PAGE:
Social entrepreneurship has become a buzzword these days. Being a “social entrepreneur” has become a fad, as we see an increasing number of commercial entrepreneurs claim themselves as ‘social entrepreneur’. On the academic front, a number of the world’s most reputable universities including Harvard (Social Enterprise Initiative at the Harvard Business School), Oxford (Skoll Centre for Social Entrepreneurship at the Said Business School), Stanford (Executive program in Social Entrepreneurship), MIT (MIT Sloan Initiative), have initiated dedicated research centres and academic programs tailored to develop the social entrepreneurship field. The research domain has also seen substantial progress in social entrepreneurship research. 

Interestingly, the idea of social entrepreneurship is still characterised with definitional debate and conceptual ambiguity. Due to the apparent complexity of the social entrepreneurship field, there are a variety of social enterprise business models apparent in different parts of the world. 

Based on a PhD thesis which was focused to understand the contextual elements of social entrepreneurship, a total of 30 social entrepreneurs were interviewed to understand what they think social entrepreneurship is. The summary of the discussion revealed four different elements which are considered foundational in the understanding of social entrepreneurship. These are: 

  • Social mission over financial mission 
  • Innovative solution to social problems 
  • Self-sustaining business model 
  • Impact which could be measured. 

Social mission over financial mission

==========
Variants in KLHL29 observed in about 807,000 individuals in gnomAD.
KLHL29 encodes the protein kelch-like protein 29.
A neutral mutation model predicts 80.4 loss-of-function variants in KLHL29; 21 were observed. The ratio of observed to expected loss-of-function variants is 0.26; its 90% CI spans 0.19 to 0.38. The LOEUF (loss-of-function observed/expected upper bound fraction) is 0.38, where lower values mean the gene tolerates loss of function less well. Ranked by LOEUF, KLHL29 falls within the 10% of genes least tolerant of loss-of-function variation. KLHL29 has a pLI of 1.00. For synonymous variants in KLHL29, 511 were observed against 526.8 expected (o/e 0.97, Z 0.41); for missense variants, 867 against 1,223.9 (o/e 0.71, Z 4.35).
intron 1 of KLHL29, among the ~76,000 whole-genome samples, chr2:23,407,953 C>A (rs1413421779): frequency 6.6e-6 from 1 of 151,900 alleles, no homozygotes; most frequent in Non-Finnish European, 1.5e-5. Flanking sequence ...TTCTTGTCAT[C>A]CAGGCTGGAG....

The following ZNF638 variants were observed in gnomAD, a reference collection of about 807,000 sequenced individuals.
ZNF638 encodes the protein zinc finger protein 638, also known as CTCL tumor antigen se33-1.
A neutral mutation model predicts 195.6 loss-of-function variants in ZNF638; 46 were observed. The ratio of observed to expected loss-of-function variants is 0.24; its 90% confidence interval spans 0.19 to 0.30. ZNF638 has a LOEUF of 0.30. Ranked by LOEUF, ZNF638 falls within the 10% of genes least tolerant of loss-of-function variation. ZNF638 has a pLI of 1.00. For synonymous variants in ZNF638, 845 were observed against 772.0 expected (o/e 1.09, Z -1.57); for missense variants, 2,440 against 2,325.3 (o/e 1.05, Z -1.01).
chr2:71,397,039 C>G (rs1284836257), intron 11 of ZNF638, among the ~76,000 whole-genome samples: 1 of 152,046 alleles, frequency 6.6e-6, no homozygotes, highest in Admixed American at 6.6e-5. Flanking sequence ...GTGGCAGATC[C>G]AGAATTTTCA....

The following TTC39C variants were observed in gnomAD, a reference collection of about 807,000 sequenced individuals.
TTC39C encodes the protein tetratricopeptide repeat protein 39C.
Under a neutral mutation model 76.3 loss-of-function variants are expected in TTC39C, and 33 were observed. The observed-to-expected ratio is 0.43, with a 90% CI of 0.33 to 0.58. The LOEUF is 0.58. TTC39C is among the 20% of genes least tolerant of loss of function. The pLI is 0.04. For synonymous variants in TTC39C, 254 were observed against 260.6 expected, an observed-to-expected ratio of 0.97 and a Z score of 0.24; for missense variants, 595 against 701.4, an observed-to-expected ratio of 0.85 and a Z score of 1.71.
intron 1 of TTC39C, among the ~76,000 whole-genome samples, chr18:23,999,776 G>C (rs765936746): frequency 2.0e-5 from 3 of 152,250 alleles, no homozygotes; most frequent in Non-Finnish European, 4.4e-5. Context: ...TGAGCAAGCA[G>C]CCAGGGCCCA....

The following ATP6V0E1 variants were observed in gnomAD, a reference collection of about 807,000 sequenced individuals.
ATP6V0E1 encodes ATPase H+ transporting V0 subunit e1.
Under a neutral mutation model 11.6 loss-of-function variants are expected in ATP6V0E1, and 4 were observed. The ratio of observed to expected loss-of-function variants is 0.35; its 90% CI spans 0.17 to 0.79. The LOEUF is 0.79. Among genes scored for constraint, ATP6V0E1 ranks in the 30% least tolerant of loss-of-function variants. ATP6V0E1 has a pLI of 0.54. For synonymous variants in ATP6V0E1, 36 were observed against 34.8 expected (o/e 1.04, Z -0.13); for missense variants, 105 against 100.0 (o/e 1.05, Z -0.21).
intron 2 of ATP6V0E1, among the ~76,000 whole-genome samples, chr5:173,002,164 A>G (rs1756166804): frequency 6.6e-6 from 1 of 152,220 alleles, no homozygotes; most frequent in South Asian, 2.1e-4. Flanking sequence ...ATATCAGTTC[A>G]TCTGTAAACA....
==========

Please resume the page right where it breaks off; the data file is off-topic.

Social enterprises operate to earn a financial return but the core driver of such act is a social mission. Every social enterprise starts with the aim to solve a social problem. It solves those social problems through a creative business model which may or may not generate a financial return. The financial return is important for the sustainability of the enterprise but not essential, unlike the for-profit ventures whose primary mission is to generate a financial return and fulfil the needs of its shareholders. The core difference between social enterprises with any other form of enterprise is the priority of mission. Social enterprises prioritise social welfare over any other mission e.g. financial mission, shareholder benefits.


Innovative solution to social problems

Social enterprises bring novel solutions to social problems where public solutions or market-based solutions have failed. Social entrepreneurs start with a social problem and look for ways to bring transformative changes which are also scalable. It should be mentioned here that, the very term innovation does not necessarily mean something entirely ground-breaking or novel. An innovation can be an extension, a duplication, a synthesis or creation of something entirely new. No matter, whichever form of the innovation is adopted by the social entrepreneur or a social enterprise, the essential goal will be to magnify a social problem, find a solution to such problems and finally, be able to scale that to a much broader level which will benefit a large segment in the society. Such innovations are considered as social innovations. 

Self-sustaining business model